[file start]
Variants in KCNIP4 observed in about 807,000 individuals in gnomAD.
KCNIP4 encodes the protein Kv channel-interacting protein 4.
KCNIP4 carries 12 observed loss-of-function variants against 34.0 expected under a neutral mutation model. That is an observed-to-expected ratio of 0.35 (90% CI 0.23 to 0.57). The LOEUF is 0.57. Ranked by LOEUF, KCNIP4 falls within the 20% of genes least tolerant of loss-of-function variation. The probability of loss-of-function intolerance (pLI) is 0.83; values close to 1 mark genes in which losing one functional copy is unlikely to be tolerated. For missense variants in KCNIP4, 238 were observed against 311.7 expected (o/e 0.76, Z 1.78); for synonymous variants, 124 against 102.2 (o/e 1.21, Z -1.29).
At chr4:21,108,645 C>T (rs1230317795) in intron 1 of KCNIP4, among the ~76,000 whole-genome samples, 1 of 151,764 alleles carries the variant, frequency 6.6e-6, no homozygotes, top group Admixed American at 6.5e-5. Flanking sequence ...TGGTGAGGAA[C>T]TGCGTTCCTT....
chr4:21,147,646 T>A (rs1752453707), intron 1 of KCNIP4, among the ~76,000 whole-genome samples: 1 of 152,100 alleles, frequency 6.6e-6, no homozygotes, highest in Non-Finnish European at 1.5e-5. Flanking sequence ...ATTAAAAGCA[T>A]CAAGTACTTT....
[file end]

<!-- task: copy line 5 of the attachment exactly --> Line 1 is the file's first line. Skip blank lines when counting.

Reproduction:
chr4:21,147,646 T>A (rs1752453707), intron 1 of KCNIP4, among the ~76,000 whole-genome samples: 1 of 152,100 alleles, frequency 6.6e-6, no homozygotes, highest in Non-Finnish European at 1.5e-5. Flanking sequence ...ATTAAAAGCA[T>A]CAAGTACTTT....